Ok, off to go finish the eyelets on the short stays. They’re taking so long, but they look so lovely when they’re done, and unfortunately, I can’t finish the dress without finishing the corset first, since the bust of the dress lies wierdly without the stays on.

Also, with all this hand-sewing, I’m running out of costume dramas to watch! This week alone I’ve already rewatched some of my favorites, including Jane Eyre, Pride and Prejudice, The Hours, and Becoming Jane, and last week I watched Hemingway & Gellhorn, Tess of the D’Urbervilles, and Birdsong. Suffice it to say, I totally have a thing for Eddie Redmayne now and I definitely need to see My Week with Marilyn. 😉

Anybody have any good suggestions of costume dramas to watch? Or good films in general?

corset · In-Progress · Musings · Pattern · Puget Sound Ladies Costume Society · Regency era costuming · Underpinnings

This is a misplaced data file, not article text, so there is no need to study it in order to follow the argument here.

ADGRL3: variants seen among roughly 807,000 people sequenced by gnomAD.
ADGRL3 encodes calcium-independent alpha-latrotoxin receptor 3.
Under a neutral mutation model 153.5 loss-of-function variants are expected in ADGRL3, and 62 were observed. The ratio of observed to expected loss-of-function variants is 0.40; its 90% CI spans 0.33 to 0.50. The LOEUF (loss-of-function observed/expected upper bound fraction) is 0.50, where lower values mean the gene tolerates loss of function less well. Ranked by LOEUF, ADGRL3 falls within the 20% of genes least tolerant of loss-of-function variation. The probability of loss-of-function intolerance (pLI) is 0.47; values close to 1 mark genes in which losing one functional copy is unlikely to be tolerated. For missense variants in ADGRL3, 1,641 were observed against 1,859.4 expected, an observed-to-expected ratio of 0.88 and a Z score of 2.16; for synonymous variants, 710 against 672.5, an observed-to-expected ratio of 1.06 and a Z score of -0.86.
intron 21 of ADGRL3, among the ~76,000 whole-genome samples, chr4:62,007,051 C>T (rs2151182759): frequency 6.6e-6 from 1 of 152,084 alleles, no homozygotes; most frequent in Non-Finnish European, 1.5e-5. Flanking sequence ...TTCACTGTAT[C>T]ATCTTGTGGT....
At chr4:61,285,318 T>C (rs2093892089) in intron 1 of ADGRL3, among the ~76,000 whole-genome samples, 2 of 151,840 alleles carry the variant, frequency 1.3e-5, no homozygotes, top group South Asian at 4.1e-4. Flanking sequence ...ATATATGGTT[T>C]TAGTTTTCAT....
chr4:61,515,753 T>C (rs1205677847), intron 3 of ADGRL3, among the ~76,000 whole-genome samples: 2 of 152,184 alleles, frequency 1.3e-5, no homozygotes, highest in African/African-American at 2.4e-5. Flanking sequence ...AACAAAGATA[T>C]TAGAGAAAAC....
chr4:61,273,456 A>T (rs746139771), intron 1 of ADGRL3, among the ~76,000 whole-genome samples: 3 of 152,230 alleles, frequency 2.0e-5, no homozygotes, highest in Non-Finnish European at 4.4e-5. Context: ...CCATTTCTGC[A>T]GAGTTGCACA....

Regency short stays are totally the sports bra of the 19th century

I’m buried beneath a pile of costume sewing here at Chez Anna. This Sunday is the Puget Sound Ladies Costume Society Bastille Day Picnic, the weekend after that is my first Civil War reenactment (hard to believe, but I really haven’t been to one of these before), and then 3 weeks after that is the weekend extravaganza known as Brigade Encampment.

So, Bastille Day Picnic. Originally, I had grand plans of making a whole 18th century wardrobe and wearing a Chemise a la Reine (for those interested, you can read more about this garment here), but I realized this past weekend that I only had a week to put an outfit together, and a Chemise a la Reine was just not gonna happen. I mean, I’m a crazy costumer, but I’m not *that* much of a crazy costumer. 😉 Instead, I decided to go with a Regency outfit, since a) the clothes are incredibly simple, b) I already have all of the materials needed for an outfit, so this would be a great stash-busting project and c) I’ve been watching a lot of Jane Austen costume dramas lately.